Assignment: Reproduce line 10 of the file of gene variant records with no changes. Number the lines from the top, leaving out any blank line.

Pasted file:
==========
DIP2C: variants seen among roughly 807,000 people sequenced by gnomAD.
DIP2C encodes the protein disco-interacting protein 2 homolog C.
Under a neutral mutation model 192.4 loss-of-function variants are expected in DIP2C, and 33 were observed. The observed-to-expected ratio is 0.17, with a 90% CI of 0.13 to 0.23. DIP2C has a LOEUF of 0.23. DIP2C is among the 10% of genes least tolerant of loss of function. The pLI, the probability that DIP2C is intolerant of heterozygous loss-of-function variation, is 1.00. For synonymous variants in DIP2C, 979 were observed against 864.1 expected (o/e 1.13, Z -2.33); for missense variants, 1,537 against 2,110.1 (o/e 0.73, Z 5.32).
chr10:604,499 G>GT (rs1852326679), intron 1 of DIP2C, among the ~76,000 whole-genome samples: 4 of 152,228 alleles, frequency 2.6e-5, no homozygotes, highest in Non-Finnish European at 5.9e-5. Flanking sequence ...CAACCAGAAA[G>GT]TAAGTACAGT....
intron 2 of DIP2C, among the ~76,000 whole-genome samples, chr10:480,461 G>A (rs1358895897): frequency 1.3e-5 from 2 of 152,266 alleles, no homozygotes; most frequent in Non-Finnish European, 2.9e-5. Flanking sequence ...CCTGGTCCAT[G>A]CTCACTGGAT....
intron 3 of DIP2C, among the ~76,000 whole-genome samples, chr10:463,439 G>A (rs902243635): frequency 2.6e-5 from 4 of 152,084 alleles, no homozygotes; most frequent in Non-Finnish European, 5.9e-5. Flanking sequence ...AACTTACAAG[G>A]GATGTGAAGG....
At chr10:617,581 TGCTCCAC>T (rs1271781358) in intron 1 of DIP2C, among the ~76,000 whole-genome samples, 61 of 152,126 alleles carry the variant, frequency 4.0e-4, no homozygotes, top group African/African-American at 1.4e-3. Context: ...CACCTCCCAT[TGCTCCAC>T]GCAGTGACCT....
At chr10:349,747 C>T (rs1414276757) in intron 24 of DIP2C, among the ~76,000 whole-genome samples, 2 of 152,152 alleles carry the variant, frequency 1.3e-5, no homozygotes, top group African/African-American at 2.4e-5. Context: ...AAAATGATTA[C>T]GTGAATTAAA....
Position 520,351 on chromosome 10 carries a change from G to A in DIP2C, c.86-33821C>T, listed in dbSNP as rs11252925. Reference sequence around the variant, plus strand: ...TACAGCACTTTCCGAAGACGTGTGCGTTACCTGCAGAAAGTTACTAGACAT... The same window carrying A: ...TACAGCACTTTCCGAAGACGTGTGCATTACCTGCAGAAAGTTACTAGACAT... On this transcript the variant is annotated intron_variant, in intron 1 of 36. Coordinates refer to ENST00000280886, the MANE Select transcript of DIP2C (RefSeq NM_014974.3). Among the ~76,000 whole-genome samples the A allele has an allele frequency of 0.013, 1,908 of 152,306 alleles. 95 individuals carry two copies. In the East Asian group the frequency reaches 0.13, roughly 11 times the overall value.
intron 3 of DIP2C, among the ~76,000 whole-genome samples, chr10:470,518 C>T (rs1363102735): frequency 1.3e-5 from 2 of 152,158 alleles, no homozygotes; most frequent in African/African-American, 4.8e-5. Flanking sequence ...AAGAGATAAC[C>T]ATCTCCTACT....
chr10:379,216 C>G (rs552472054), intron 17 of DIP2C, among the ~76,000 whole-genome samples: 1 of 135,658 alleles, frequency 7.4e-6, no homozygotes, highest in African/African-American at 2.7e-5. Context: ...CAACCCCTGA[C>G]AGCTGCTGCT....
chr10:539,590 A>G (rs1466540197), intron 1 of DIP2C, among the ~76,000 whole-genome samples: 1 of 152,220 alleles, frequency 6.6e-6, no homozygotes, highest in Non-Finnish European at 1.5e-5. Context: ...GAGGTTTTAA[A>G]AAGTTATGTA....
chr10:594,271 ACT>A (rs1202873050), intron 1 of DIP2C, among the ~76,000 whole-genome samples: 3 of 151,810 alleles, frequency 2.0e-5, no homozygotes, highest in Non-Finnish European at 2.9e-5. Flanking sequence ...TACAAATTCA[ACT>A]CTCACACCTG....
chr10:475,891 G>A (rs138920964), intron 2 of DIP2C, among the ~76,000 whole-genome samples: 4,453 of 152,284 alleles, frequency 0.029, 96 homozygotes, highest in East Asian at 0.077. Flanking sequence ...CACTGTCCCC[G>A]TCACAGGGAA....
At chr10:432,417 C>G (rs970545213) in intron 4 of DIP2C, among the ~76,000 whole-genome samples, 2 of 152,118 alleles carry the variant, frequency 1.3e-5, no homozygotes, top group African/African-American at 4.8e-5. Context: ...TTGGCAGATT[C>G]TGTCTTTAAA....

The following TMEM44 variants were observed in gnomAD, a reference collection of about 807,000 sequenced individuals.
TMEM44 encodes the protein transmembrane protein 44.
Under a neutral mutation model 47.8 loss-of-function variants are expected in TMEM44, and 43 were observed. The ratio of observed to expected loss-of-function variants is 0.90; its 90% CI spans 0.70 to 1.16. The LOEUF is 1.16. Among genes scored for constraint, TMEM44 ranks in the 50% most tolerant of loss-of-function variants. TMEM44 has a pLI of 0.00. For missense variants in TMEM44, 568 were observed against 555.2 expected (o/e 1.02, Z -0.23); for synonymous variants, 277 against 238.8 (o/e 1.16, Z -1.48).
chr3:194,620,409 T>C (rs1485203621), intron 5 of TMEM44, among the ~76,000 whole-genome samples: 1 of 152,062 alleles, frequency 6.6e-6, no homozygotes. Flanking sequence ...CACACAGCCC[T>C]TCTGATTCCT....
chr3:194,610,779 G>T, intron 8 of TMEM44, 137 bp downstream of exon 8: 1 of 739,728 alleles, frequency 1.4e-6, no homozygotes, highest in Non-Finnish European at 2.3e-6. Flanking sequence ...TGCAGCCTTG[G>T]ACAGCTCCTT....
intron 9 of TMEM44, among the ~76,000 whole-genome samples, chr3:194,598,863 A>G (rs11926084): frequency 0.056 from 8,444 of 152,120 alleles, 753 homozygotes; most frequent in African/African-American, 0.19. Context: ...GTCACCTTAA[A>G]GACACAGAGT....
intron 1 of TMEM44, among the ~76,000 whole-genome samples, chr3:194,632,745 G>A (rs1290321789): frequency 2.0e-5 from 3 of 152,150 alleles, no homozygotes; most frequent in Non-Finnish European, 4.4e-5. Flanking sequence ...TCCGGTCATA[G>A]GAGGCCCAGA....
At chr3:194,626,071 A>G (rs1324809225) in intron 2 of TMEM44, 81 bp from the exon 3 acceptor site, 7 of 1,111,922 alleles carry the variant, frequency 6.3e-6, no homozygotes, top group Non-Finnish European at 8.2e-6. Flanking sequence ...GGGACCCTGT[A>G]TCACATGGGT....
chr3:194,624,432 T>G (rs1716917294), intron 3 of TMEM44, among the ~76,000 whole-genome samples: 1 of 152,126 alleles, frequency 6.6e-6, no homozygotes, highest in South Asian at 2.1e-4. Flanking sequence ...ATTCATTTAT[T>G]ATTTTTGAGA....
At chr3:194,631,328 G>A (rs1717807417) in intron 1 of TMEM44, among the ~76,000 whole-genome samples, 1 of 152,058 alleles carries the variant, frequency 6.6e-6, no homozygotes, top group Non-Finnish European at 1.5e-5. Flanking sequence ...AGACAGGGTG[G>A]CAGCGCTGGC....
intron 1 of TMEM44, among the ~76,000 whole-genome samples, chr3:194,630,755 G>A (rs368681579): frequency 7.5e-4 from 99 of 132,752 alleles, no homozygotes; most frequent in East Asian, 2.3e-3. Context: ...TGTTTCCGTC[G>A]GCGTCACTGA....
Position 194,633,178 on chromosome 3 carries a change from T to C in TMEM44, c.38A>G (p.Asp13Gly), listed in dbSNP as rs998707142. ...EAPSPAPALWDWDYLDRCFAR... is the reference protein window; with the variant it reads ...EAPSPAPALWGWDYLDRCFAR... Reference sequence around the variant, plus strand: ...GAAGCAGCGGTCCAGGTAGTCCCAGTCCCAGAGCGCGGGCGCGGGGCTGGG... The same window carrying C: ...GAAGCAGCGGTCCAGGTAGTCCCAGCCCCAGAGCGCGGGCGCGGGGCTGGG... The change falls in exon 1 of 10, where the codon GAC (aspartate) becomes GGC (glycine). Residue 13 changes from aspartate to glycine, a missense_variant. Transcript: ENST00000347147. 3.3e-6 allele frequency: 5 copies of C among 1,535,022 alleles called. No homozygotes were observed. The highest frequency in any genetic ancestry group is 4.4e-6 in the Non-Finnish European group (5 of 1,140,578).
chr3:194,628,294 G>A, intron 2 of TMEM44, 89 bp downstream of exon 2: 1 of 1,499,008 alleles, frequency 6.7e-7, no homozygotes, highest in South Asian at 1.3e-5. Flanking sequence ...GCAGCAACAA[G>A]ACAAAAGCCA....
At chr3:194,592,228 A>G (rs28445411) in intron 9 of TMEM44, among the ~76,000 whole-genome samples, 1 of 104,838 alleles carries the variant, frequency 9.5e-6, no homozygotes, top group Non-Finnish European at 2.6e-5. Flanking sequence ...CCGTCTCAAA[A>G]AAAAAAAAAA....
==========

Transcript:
intron 3 of DIP2C, among the ~76,000 whole-genome samples, chr10:470,518 C>T (rs1363102735): frequency 1.3e-5 from 2 of 152,158 alleles, no homozygotes; most frequent in African/African-American, 4.8e-5. Flanking sequence ...AAGAGATAAC[C>T]ATCTCCTACT....